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David L. POST (b.1949)
String Quartet No. 2 (2001) [20:54]
String Quartet No. 3 (2003) [20:22]
String Quartet No. 4 'Three Photographs of Abelardo Morell' (2005) [11:49]
Fantasia on a Virtual Choral (2003) [6:50]
Hawthorne String Quartet (Ronan Lefkowitz and Si-Jing Huang (violins); Mark Ludwig (viola); Sato Knudsen (cello))
rec. November 2002 (No. 2); September, 2007 (Fantasia; No. 4); September 2004 (No. 3). DDD

Experience Classicsonline

When hearing the works of a contemporary composer for the first time, my initial inclination is to search for influences in the music. But these string quartets by David L. Post resist easy analysis to that end. I can hear snatches of a sort of generic American style here, perhaps vague suggestions of Barber, Diamond or Quincy Porter, or even Ives. But there’s a slightly cosmopolitan character here too: once in a while you might even hear a faint echo of Vaughan Williams. But, really, none of these influences are dominant, or particularly significant in Post’s music. What some listeners may find significant, however, is that Post exhibits a spiritual, though not stylistic connection, to Shostakovich in his tendency toward dark moods and sinister undercurrents. Indeed, and Post’s scherzos and burlesques aren’t jokes but seem to slash away at something, and his moments of merriment often are either fleeting or seem headed toward some disaster or disappointment. Among Post’s teachers was composer Ralph Shapey, but you hear nothing in the way of influence from him in these quartets either. In the end then, one must conclude that Post is largely his own man. 

He has written the notes to this album and in them states his affinity for the string quartet idiom, which he believes to be a very high art form in music. His music is tonal and quite approachable, with tunes you may well remember, even if they aren’t extremely catchy.
The Second Quartet leads off and you immediately notice a dark sense of urgency in the first movement, marked Moderato. The ensuing Scherzo opens with bold pizzicato notes from the cello and then the violins and viola slash and shriek with sinister delight. This might be the most compelling movement on the disc. The Molto lento that follows is slow and eerie, with fleeting phrases of sweetness and hope souring and despairing. The Allegro agitato finale begins boldly, but in the darker spirit of the Scherzo, and the mood throughout remains mostly grim.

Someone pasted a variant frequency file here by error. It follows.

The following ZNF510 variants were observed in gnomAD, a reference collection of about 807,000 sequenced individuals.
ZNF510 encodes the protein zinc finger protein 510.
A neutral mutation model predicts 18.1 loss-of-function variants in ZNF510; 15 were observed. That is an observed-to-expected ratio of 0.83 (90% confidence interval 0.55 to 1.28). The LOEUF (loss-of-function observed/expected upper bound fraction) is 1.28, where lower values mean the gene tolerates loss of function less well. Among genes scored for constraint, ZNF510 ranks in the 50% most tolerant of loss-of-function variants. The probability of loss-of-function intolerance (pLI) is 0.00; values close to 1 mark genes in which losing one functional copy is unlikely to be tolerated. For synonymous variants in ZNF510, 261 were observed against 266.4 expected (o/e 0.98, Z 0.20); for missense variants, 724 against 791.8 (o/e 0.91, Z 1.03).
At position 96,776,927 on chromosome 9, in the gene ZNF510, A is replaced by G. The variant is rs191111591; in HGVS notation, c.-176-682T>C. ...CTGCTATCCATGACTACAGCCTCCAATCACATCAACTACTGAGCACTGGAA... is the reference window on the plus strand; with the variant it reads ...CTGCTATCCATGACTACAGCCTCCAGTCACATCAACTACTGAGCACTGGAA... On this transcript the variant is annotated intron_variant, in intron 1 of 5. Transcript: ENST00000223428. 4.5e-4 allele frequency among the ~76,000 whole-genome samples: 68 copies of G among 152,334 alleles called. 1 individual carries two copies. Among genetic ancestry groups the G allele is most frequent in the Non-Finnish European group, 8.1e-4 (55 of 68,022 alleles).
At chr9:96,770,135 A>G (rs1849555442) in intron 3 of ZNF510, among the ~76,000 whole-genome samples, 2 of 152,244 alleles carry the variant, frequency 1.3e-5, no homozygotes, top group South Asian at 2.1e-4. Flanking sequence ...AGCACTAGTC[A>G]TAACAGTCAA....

The Fantasia on a Virtual Choral was inspired by Joseph Suk’s Meditation on the Old Czech Chorale ‘Saint Wenceslas’. It is a brighter work, but its upside-down design, with development preceding exposition, may seem a bit confusing to listeners. It comes across as a pleasant but rather minor work.
The Fourth String Quartet, which comes next on the disc, comprises three movements, each depicting the image in a photograph taken by Cuban-born Massachusetts photographer Abelardo Morell. The three movements here carry as subtitles the names of the Morell photographs: 1.) Camera Obscura Image of Brookline View in Brady's Room; 2.) Book Pietà; and 3.) Map in Sink. Again, the moods are dark, and the music in the first two movements is mostly moderately paced, but with the opening panel intense and mysterious. The middle movement is quite lovely in its depiction of the photo of El Greco’s Pietà. The finale opens with an insistent ostinato that imparts a feeling of urgency; gradually a sense of desperation develops, relieved only when the closing chords emphatically shut the door.
The single-movement Third String Quartet consists of four inner sections. It begins in a relatively bright mood that occasionally yields to dark clouds. As the work progresses the sense of hope that appeared at the outset and in a few episodes of jollity fades, and grayness turns to darkness and darkness to utter blackness. The composer mentions that the work was begun “at the beginning of the Iraqi war.” He elaborates no further on the work’s connection to the war, but one might just sense a war-inspired link here and apparent negative feelings about that once bloody and ferocious conflict.
The membership of the Hawthorne String Quartet is drawn from the Boston Symphony Orchestra. The Hawthorne play each work here with utter commitment. The composer wrote the Fourth Quartet at the suggestion of the ensemble’s violist, and presumably Post has a good relationship with the group. In any event, the Hawthorne play spiritedly throughout, delivering performances that would seem hard to surpass for years to come. Naxos provides excellent sound. These quartets are worthwhile compositions, and chamber music mavens willing to sample fairly approachable contemporary works should find the disc rewarding.
Robert Cummings 

see also review by Byzantion (February 2011 Bargain of the Month)


















































































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